Tag Archives: masks

A rotten wet day.


Well is it wet enough for you? It’s been interesting so far. I wandered out this morning to feed dry cows and heifers. Some of them are handy around the yard, some less so. As I fastened my current battered hi-viz jacket against the rain I looked across to where Sal lives. She peered out from under her cattle trailer (At times she prefers to sleep under it rather than in it) looking at me as if I was some sort of idiot. Anyway she crawled out and stood shaking herself ready to go to work.

This going to work in her case means scouring the yard for tasty and inadvertently discarded titbits whilst I feed round. Then we head down to the Mosses to see the dry cows and heifers. At this point the rain, which has merely been moderate, decides to start lashing it down.

Anyway we get down there. The heifers who are expecting to be fed come out from where they were sheltering and crowd around me. So they get fed. Then I go and find the dry cows. In the distance I can see something white under trees in the hedge. As I get closer I can see that the dry cows have pushed into the hedge to take advantage of the shelter. Your average black and white dairy cow is actually pretty well camouflaged when they’re among trees, the black disruptive pattern works really well. I wandered up to them and they looked impassively in my direction. After all, from their point of view, I was the idiot wandering about in the rain, each to his own. When I counted them they seemed to be all there so I didn’t disturb them. I’ll see them later today anyway.

By the time I got back home I was a trifle damp. So I put my shirt and trousers against the Rayburn to dry a bit and went to get the daily paper. Also as I’m the one who drives into the edge of town anyway, I get the job of shopping at our local tesco. Other stores exist but none without driving half way through town and adding half an hour to the job. My better half has never liked food shopping and has recentlt been happy to gift me with the task. Anyway I’m back home by 8:30am so it’s not something that breaks into a day.

Of course it’s the first time I’ve had to do the shopping (as opposed to just collecting the paper) since we had to wear masks. Rather than faff about with masks and screw the environment even more, I just use a tube scarf. Pull it up over my nose as I enter the shop, pull it down to breathe when I leave. Looking round tesco (at that time in the morning there are more staff working than customers) all the customers had their faces covered. One chap had a bandana rather than the usual mask.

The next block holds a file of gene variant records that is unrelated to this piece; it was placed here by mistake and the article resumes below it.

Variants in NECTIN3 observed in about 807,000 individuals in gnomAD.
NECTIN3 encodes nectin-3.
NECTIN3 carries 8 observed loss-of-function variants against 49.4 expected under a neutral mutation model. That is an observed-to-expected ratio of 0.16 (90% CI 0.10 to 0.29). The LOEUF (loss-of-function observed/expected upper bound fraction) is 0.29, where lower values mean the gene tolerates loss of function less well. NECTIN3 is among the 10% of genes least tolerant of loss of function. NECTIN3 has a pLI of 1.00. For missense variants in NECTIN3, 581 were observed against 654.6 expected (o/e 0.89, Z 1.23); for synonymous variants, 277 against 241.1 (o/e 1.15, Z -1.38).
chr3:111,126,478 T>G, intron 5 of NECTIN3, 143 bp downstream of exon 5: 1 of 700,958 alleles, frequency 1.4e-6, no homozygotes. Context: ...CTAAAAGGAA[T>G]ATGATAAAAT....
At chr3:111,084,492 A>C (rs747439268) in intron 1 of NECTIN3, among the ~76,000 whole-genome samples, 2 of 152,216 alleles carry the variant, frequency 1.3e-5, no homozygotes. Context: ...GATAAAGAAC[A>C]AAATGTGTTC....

Talking to the ladies on the tills as I was leaving, they commented that their customers had all been very good with them over it all. I pointed out that to me, it was more a question of courtesy. I’ve had the virus early before it was fashionable and I’ve spent the last four months playing other people’s games out of courtesy. (Before anybody says ‘yes but you can get it again,’ my answer is yes, undoubtedly. Given the number of people they’re testing, if it is possible to get it twice, then sooner or later they will find somebody who has done so. Therefore I’m not taking too much notice of panicky newspaper articles bewailing the lack of immunity and I am just watching the test results.).

Mind you this courtesy business can be hard work at times. There are times I am tempted to revert to cantankerous old beggar. It’s always easier to run a system on the default settings.

Anyway after all this excitement I get home and it’s time to fill the feed bins. So I change back into the clothes I’ve had by the Rayburn. They’re not actually dry but the wetness is comfortingly warm. By the time I’ve finished swilling out and filled bins, I’m back to wet again. So when I go in for my coffee everything bar socks and underpants goes straight into the washing machine and I put on dry stuff out of the tumble drier that was washed last night.
Anyway a nicely timed zoom meeting meant I didn’t have to go back out into the rain. But this morning I got two interesting emails.

The first claimed to be from BT. We get more spoof emails claiming to be from BT than you can shake a stick at, but this one was an obvious fail. It started,” Guten Tag, Jim Webster in der Anlage erhalten Sie unsere Antwort.”

(Google translate assures me that this means “Hello Jim Webster You will find our answer in the attachment.” Oh and as an aside, have you ever listened to the verbal translation? I was left wondering whether the young lady doing it had had a glass or two more of white wine with her lunch that the occasion really warranted.)

Oh and I got an email from the RPA (Rural Payments Agency.
The email said that there was a message for us on our account. That was it. Could have been about anything.